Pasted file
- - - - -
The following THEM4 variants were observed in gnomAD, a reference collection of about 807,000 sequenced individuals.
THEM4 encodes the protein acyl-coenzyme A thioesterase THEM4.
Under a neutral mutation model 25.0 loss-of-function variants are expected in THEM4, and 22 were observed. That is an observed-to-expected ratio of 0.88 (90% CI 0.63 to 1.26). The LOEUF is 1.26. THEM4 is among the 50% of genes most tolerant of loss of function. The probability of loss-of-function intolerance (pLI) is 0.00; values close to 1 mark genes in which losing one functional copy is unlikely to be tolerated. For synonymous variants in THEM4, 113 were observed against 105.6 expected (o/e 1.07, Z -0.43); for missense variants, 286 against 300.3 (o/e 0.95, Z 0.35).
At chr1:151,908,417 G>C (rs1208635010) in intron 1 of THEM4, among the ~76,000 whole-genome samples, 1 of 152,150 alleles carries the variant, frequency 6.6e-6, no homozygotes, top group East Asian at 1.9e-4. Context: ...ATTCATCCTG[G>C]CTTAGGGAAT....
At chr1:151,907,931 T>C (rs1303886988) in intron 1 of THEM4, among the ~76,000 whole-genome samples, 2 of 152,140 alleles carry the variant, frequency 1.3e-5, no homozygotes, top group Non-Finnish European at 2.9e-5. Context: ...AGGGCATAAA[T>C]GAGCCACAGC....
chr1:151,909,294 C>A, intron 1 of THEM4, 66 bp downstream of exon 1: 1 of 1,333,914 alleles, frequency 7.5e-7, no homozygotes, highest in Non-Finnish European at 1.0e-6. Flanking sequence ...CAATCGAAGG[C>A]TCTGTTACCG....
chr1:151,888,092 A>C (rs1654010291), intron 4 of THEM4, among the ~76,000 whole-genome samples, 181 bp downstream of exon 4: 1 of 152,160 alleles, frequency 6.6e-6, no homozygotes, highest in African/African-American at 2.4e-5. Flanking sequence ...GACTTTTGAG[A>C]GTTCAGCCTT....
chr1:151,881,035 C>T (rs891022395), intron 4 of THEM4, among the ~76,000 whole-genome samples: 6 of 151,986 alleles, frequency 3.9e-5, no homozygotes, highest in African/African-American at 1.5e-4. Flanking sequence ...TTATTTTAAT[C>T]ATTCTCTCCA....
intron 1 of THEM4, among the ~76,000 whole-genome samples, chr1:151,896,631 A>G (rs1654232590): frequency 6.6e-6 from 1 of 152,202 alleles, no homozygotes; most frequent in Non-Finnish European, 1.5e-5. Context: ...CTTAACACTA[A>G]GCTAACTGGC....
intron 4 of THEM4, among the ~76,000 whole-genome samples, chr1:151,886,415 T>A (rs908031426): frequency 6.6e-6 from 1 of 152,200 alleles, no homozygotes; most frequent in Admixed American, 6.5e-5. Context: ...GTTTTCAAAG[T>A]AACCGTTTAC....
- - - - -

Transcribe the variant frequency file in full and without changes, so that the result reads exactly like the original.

The following THEM4 variants were observed in gnomAD, a reference collection of about 807,000 sequenced individuals.
THEM4 encodes the protein acyl-coenzyme A thioesterase THEM4.
Under a neutral mutation model 25.0 loss-of-function variants are expected in THEM4, and 22 were observed. That is an observed-to-expected ratio of 0.88 (90% CI 0.63 to 1.26). The LOEUF is 1.26. THEM4 is among the 50% of genes most tolerant of loss of function. The probability of loss-of-function intolerance (pLI) is 0.00; values close to 1 mark genes in which losing one functional copy is unlikely to be tolerated. For synonymous variants in THEM4, 113 were observed against 105.6 expected (o/e 1.07, Z -0.43); for missense variants, 286 against 300.3 (o/e 0.95, Z 0.35).
At chr1:151,908,417 G>C (rs1208635010) in intron 1 of THEM4, among the ~76,000 whole-genome samples, 1 of 152,150 alleles carries the variant, frequency 6.6e-6, no homozygotes, top group East Asian at 1.9e-4. Context: ...ATTCATCCTG[G>C]CTTAGGGAAT....
At chr1:151,907,931 T>C (rs1303886988) in intron 1 of THEM4, among the ~76,000 whole-genome samples, 2 of 152,140 alleles carry the variant, frequency 1.3e-5, no homozygotes, top group Non-Finnish European at 2.9e-5. Context: ...AGGGCATAAA[T>C]GAGCCACAGC....
chr1:151,909,294 C>A, intron 1 of THEM4, 66 bp downstream of exon 1: 1 of 1,333,914 alleles, frequency 7.5e-7, no homozygotes, highest in Non-Finnish European at 1.0e-6. Flanking sequence ...CAATCGAAGG[C>A]TCTGTTACCG....
chr1:151,888,092 A>C (rs1654010291), intron 4 of THEM4, among the ~76,000 whole-genome samples, 181 bp downstream of exon 4: 1 of 152,160 alleles, frequency 6.6e-6, no homozygotes, highest in African/African-American at 2.4e-5. Flanking sequence ...GACTTTTGAG[A>C]GTTCAGCCTT....
chr1:151,881,035 C>T (rs891022395), intron 4 of THEM4, among the ~76,000 whole-genome samples: 6 of 151,986 alleles, frequency 3.9e-5, no homozygotes, highest in African/African-American at 1.5e-4. Flanking sequence ...TTATTTTAAT[C>T]ATTCTCTCCA....
intron 1 of THEM4, among the ~76,000 whole-genome samples, chr1:151,896,631 A>G (rs1654232590): frequency 6.6e-6 from 1 of 152,202 alleles, no homozygotes; most frequent in Non-Finnish European, 1.5e-5. Context: ...CTTAACACTA[A>G]GCTAACTGGC....
intron 4 of THEM4, among the ~76,000 whole-genome samples, chr1:151,886,415 T>A (rs908031426): frequency 6.6e-6 from 1 of 152,200 alleles, no homozygotes; most frequent in Admixed American, 6.5e-5. Context: ...GTTTTCAAAG[T>A]AACCGTTTAC....